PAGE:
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Madosh Tambwe © Gallo Images

Where's the killer blow?

SuperWrap - week eight, 2018

For every rugby match that has ever been played, there is a story, and way too often it is about missed opportunities.

Just as fishermen love to regale their tales of the “one who got away”, it’s hard not to imagine across bars somewhere when they’re older, there are hundreds of Super Rugby players haunted by the “ones that got away”.

Well, maybe not that many. The amount of games nowadays probably makes that theory a dud, but just like Green Day sang about a “Boulevard of Broken Dreams”, there are enough professional rugby players who watch something they have worked so hard for fall through the cracks when they least want it.

Sometimes it is in dramatic fashion – after all, this is sport and it lends itself to drama. The Sharks watched as Napier came alive in a crowd fury that translated into a Hurricanes team barreling forward to claim the victory five minutes after the hooter had sounded.

It was cruel, it was heart-breaking. But then again, this is sport, and too often it happens. That is part of why we love it all.

Still, there is a difference between the dramatic and the frustrating, which is how Robert du Preez must have felt when he watched his charges between the 60th and 72nd minute of the game camp on the Hurricanes line, but fluff chance after chance. The commentators put it down to good defence. They – being Kiwis – raved about how resolute the Hurricanes were in stopping the charge.

But not for one minute did any of us think of something that has become all too common in South African rugby: the inability to plant the killer blow.

It is something that we, as a nation, have struggled with over time. In Super Rugby it has happened as the exception rather than the norm. It has been the highlight when it happens and it happens way too little for a proud rugby nation like ours.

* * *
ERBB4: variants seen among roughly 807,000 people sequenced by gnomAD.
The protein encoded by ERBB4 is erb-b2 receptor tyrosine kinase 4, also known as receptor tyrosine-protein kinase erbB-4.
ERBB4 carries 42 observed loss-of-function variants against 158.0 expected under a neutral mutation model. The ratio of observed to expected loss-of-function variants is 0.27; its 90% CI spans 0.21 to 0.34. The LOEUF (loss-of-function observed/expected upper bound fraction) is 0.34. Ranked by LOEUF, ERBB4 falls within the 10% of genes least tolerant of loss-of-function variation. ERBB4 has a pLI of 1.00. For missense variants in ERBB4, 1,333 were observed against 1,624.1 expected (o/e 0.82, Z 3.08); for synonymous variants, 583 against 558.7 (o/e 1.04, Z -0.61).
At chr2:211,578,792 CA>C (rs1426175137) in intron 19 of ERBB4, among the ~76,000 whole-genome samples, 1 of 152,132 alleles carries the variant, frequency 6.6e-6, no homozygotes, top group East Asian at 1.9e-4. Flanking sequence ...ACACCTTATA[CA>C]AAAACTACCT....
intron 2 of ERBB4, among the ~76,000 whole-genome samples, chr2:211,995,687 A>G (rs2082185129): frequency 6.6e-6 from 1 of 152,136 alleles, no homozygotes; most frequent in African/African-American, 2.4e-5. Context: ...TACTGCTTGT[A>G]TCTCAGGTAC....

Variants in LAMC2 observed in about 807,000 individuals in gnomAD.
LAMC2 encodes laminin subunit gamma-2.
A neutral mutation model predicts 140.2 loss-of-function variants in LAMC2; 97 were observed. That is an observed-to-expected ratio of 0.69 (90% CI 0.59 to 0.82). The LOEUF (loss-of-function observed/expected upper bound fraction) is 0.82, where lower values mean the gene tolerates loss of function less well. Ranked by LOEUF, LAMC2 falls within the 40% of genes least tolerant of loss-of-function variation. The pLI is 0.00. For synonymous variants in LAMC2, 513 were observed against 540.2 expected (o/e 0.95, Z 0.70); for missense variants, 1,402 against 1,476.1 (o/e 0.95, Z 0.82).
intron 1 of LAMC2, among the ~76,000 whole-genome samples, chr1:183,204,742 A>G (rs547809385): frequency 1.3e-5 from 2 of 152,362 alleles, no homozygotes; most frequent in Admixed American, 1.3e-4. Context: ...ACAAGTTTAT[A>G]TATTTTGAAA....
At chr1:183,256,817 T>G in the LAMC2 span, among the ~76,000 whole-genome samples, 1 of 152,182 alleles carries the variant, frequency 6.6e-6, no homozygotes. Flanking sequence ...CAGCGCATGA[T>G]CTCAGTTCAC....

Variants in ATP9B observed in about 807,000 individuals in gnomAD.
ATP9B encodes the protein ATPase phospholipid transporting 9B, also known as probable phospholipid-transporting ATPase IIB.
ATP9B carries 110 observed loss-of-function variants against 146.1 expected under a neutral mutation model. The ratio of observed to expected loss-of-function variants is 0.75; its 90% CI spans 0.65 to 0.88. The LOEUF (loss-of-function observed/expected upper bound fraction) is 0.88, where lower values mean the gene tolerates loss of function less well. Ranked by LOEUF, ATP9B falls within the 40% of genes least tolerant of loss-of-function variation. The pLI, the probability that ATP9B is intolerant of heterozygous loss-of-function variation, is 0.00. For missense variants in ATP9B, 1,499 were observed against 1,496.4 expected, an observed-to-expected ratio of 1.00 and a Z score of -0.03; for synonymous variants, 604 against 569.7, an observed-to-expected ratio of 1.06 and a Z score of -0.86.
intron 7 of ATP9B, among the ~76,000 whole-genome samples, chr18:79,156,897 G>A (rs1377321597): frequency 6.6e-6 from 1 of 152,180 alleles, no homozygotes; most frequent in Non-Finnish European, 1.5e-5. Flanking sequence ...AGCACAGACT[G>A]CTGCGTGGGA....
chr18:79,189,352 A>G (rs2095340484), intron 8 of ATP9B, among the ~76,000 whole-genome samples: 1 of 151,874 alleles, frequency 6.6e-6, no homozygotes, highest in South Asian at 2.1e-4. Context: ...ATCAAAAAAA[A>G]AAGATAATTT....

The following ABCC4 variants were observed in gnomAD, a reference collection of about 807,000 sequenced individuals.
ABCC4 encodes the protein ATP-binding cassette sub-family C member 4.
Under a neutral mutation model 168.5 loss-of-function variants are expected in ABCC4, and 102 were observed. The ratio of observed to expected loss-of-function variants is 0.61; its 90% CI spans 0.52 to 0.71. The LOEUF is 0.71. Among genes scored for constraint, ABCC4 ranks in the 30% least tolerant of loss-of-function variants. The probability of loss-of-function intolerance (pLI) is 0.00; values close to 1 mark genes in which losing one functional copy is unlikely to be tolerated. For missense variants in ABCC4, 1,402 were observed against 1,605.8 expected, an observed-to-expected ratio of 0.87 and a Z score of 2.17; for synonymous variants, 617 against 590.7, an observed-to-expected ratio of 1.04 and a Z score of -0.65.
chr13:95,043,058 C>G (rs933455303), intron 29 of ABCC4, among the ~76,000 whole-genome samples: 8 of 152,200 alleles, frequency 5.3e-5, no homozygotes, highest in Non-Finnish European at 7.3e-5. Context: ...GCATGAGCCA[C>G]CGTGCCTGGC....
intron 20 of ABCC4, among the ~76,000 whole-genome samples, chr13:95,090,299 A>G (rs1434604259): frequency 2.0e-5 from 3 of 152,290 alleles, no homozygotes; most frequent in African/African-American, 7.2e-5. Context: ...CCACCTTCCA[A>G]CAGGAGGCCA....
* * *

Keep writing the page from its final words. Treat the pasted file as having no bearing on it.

I’m sure everyone reading this can remember a moment where their team – be it Super Rugby, Currie Cup or Springboks – burst into the game with passion and determination, racked up some early tries, only to let it fall by the wayside with what coaches love to call “soft moments”.

We’ve seen it enough at Springbok level. The Boks tend to work overly hard to score, and do just about everything right. But then the opposition – and especially the All Blacks – seem to make light work of that, and a “soft moment” or two puts paid to that.

With the Sharks we saw it change momentum with a number of penalties in the last few minutes, and while there are always those who grumble about referees, Robert du Preez’s side failed to plant the knockout blow.

Coaches have become way too comfortable in saying they didn’t take their opportunities. And it has settled in like a disease in our rugby nation.

We saw it when the Bulls had their foot on the throats of the Chiefs in Hamilton last month, we saw it when the Lions spectacularly gave up a 28-10 lead to lose to the Blues. We saw it in the Sevens this weekend when a brave young Blitzbok side led 19-5 against Fiji, only to make mistakes and concede their advantage easily in the second half.

While it wasn’t as apparent, we saw it this weekend from the Stormers as well. And while it was in another guise – the Lions had the match sewn up when Madosh Tambwe scored his hat-trick in the opening 12 minutes – the Stormers can kick themselves when they look at the stats of the game and how they came back into it.

While it wasn’t as dramatic, Robbie Fleck again coined the “we didn’t use the opportunities we had” slogan afterwards. And it is easy to see why.